Anthony Joshua vs. Jarrell Miller Fight Analysis

by | Mar 20, 2019 | boxing

Anthony Joshua (22-0, 21 KOs) vs. Jarrell Miller (23-0-1, 20 KOs)

When: Saturday, June 1, 2019

Where: Madison Square Garden, New York City, New York

TV: DAZN

Weight Class: IBF, WBA, and WBO Heavyweight Titles

Betting Odds: Anthony Joshua (-800), Jarrell Miller (+500)

Over/Under: 9.5 Rounds Over (+155), Under (-185)

England’s Anthony Joshua defends his world heavyweight titles against American contender Jarrell Miller on June 1 at Madison Square Garden. The 29-year old champion is making his first professional stateside appearance while fighting in his eighth world title fight. Miller, 30, is an unbeaten contender and should find the geography of this fight to his liking, as he is from Brooklyn. But does the big underdog have a realistic chance? It’s a mixed bag.

Fight Analysis

Joshua has taken a little guff on the basis of not throwing himself into the mix at the highest levels. There is still ample time to make a mark, but it’s still a little upsetting to some that the other top heavyweights are starting to tangle, while Joshua takes on the best of the rest. And time will tell on this particular fight whether it falls into that category. On the surface, it seems like a doable task for Joshua, but a fight that might fall into the area of high-risk/low-reward.

Joshua is a towering heavyweight at 6’6” with an 82-inch reach, coming in looking like a Greek god, usually in the 245-pound range. Miller, however, is a robust heavyweight in his own right, not as tall at 6’4” and with a 78-inch reach, but he’s a big guy. His weight as of recently has hovered in the 280-pound range.

This is the heavyweight division and size isn’t a bad thing, necessarily. But Miller has weighed in the 240s before, so to see him now sometimes close to three bills when climbing into the ring, it’s worth wondering about his discipline and stamina, particularly at this high of a level. He’s pretty agile for a big man, but still, a certain amount of devotion is needed to become champion against a guy who looks like he’s cut from granite.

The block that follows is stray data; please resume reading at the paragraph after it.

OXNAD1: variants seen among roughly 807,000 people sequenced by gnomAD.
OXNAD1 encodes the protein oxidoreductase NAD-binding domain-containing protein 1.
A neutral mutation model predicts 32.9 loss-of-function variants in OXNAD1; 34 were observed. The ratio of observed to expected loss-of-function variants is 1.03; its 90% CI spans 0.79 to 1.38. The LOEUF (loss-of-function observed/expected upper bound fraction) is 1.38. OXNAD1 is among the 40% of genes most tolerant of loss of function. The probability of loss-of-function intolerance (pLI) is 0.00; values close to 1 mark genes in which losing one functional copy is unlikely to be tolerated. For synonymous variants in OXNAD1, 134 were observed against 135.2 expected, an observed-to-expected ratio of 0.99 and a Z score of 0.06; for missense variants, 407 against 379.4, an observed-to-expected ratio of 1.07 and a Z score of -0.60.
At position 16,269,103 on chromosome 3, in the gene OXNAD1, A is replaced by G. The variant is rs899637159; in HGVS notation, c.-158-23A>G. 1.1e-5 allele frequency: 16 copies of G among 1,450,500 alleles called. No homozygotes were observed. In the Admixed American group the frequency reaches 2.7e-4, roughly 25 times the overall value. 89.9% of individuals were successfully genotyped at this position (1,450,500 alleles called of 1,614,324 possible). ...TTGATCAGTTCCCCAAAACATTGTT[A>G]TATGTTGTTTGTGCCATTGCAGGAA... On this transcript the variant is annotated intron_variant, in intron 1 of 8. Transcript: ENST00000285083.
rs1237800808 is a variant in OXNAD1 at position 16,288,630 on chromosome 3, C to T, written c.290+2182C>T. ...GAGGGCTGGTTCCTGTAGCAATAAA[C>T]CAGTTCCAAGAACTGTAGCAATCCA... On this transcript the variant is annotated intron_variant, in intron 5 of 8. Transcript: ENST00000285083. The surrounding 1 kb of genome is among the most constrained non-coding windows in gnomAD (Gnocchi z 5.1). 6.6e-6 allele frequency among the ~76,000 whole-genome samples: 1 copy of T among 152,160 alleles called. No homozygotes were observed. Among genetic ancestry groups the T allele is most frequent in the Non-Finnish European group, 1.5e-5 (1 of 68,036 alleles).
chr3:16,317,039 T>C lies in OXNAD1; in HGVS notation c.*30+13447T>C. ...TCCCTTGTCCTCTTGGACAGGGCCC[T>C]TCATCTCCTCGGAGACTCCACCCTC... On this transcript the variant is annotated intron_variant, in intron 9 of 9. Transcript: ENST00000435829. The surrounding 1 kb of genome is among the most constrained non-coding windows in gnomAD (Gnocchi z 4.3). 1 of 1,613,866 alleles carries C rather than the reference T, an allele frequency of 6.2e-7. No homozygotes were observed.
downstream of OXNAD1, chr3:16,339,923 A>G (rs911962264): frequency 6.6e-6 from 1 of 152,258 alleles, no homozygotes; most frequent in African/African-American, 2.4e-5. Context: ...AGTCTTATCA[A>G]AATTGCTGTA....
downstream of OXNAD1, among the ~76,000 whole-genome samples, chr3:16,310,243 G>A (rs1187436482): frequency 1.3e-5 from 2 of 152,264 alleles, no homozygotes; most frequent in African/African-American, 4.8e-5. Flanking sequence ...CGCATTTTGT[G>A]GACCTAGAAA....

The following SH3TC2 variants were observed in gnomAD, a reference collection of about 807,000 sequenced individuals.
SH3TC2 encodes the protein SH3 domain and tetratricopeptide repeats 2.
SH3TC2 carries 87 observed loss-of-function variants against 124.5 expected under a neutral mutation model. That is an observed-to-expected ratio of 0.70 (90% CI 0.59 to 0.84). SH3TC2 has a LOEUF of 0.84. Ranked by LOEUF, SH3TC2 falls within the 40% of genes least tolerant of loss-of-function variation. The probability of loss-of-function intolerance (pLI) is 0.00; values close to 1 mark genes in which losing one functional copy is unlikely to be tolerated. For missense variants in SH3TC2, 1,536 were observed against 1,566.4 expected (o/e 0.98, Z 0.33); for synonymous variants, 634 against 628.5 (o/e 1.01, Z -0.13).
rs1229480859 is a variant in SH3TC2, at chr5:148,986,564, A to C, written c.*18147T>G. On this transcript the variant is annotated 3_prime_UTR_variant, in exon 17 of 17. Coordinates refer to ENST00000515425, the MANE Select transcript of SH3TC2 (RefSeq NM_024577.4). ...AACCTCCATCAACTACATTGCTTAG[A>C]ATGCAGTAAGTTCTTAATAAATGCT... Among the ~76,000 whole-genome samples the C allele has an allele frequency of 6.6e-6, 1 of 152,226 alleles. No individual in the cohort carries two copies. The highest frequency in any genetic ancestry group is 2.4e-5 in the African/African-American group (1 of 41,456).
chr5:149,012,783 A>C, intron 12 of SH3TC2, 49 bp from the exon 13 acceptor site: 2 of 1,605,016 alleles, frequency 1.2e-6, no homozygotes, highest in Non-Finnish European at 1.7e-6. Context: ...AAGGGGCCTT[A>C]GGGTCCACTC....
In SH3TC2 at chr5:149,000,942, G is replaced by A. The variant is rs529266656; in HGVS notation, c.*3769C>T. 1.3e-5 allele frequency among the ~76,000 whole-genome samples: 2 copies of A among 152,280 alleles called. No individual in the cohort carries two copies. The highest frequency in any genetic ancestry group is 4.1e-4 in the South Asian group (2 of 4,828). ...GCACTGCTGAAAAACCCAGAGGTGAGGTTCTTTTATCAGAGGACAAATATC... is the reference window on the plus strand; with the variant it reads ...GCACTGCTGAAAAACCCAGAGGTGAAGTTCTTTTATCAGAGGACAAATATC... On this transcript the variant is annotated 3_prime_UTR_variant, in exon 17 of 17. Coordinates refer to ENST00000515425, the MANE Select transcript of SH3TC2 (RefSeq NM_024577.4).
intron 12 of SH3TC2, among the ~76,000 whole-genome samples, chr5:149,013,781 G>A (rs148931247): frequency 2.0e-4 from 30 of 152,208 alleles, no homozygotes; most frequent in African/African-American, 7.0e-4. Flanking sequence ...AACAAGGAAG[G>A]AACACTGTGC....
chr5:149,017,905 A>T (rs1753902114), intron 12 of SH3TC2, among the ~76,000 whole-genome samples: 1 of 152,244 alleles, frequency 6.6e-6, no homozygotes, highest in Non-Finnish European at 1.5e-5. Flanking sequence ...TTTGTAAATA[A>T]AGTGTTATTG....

Bet on who will win, the distance and whether there will be a TKO at MyBookie

This is also a massive jump in class for Miller. He is unquestionably a top American prospect, perhaps the best in the nation or at least the most accomplished. He even has a previous high-level kickboxing career where he took on guys like Crocop. Still, with his best wins coming against the likes of fringe contenders Gerald Washington, Mariusz Wach, and Johann Dahaupas, his resume lacks a certain air of quality to it. He’s been doing what has been asked and has won his fights with room to spare, highlighted by 11 stoppages in his last 12 wins.

The limitations for Miller, however, make it hard to picture an abundance of success against Joshua, frankly. There is not an area where he would seem to excel, barring some underlining never-say-die spirit that he hasn’t been forced to show yet. His punching power is substantial, but he doesn’t seem to have that special kind of power or anything that Joshua hasn’t seen yet. He’s not what you would call fat, but the extra baggage compromises his speed, as he isn’t very swift with his hands or feet. There’s an obviousness to his game, as he moves forward and tries to overcome his opponents. He doesn’t have a great jab. His gears are few, as he can’t speed up and slow down—fighting more or less at one speed.